The Coming of the Civil War
Calhoun, Speech on Abolition Petitions (1837)
About This Text
Author: John C. Calhoun
Composed: c.1837 CE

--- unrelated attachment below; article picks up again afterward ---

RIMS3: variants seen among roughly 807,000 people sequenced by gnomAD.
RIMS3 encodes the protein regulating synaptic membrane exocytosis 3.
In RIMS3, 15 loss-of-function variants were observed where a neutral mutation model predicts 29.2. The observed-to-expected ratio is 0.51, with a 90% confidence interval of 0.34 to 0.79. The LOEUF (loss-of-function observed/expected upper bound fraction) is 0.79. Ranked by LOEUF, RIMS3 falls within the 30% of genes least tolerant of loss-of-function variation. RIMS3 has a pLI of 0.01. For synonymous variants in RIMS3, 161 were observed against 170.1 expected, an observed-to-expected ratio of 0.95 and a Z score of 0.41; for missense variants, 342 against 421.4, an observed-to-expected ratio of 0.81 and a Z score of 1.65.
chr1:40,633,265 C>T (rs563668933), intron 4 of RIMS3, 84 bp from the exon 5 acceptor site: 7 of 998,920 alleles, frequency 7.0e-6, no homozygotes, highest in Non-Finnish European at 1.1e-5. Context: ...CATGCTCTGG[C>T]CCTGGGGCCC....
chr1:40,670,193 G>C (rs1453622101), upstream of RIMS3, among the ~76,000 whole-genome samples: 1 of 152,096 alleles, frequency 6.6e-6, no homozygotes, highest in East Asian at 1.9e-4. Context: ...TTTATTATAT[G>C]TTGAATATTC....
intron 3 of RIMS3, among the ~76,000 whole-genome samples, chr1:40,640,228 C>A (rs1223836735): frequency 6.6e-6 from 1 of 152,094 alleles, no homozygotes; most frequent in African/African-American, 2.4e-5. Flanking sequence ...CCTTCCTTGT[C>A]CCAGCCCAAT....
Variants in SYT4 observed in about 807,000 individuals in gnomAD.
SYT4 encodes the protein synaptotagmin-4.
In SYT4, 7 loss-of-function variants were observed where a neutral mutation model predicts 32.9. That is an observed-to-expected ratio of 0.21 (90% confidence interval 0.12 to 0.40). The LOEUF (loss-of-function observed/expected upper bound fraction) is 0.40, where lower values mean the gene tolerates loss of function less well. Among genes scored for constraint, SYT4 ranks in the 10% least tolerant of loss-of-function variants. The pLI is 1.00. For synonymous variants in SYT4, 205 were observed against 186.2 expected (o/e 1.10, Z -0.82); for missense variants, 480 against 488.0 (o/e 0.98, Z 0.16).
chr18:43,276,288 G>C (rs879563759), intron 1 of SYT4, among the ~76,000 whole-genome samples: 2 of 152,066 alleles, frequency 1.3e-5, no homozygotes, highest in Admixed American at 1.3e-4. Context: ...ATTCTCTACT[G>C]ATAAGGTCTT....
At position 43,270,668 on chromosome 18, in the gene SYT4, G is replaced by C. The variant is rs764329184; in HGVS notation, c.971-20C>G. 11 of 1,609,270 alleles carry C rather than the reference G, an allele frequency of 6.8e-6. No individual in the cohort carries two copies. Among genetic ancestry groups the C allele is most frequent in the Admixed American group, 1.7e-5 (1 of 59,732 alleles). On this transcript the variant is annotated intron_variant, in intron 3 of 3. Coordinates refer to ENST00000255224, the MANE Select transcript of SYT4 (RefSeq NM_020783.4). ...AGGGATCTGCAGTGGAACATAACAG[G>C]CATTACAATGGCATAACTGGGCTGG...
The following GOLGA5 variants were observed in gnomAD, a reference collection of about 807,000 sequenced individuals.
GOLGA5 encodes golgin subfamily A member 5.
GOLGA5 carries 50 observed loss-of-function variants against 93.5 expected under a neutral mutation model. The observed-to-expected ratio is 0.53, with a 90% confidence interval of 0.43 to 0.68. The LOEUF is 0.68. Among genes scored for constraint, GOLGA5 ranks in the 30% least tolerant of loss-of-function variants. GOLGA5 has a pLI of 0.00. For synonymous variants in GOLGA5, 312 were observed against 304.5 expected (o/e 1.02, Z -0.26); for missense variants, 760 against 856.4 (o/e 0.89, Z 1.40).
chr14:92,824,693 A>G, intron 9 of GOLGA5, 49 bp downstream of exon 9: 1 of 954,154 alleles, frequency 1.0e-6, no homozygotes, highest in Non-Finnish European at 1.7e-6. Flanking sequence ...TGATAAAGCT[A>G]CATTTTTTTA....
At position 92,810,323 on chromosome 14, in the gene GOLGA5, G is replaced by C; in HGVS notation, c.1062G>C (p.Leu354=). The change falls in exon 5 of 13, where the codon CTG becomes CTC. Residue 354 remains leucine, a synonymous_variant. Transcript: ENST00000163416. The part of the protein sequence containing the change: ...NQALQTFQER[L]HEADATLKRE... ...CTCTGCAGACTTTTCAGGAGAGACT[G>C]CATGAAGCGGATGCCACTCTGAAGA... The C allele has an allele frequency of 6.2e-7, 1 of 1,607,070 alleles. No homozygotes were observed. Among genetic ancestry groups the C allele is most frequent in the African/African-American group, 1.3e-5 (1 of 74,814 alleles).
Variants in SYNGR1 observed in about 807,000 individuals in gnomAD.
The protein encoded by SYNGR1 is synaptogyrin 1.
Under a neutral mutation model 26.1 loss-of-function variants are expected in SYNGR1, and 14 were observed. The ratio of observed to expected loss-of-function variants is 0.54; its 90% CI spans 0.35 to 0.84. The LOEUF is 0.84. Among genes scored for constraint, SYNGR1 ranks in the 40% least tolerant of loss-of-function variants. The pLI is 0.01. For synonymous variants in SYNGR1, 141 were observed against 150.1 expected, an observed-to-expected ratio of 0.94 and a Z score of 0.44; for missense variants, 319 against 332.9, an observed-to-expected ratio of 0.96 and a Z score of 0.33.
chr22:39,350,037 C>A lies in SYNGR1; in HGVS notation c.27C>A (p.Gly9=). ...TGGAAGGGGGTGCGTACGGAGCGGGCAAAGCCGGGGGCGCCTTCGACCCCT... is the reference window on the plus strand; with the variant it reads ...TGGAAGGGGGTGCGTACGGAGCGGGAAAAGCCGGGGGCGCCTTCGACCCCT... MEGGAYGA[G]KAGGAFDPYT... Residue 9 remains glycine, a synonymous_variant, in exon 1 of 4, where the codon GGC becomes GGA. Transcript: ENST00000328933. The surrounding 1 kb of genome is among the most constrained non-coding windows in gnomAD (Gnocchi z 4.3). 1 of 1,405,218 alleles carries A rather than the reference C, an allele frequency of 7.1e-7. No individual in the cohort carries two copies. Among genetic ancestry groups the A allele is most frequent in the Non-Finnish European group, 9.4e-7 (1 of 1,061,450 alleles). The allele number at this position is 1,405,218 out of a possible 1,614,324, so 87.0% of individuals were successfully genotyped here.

Abolitionist organizations petitioned the US government over the subject of slavery throughout American history. With the rise of immediatists like Frederick Douglass and William Lloyd Garrison in the 1830s, abolition groups began to aggressively petition Congress to emancipate the enslaved living in the Southern states. The slaveholding Senator John C. Calhoun of South Carolina spoke out against these petitions, calling slavery a “positive good” in keeping with human history. If anything, Calhoun argued, enslaved Africans were elevated in their condition under the tutelage of Europeans. To Calhoun, it was only a matter of time before “fanatical” abolitionists would convince Americans in the non-slaveholding states of the supposed merits of emancipation, disrupting the “harmony” between the enslaved and slaveholders and within a generation leading to the dissolution of the Union through bloodshed. Holding “concession or compromise [with the abolitionists] to be fatal,” Calhoun called upon Americans of both sections to maintain the Union by resisting and even censoring emancipation schemes.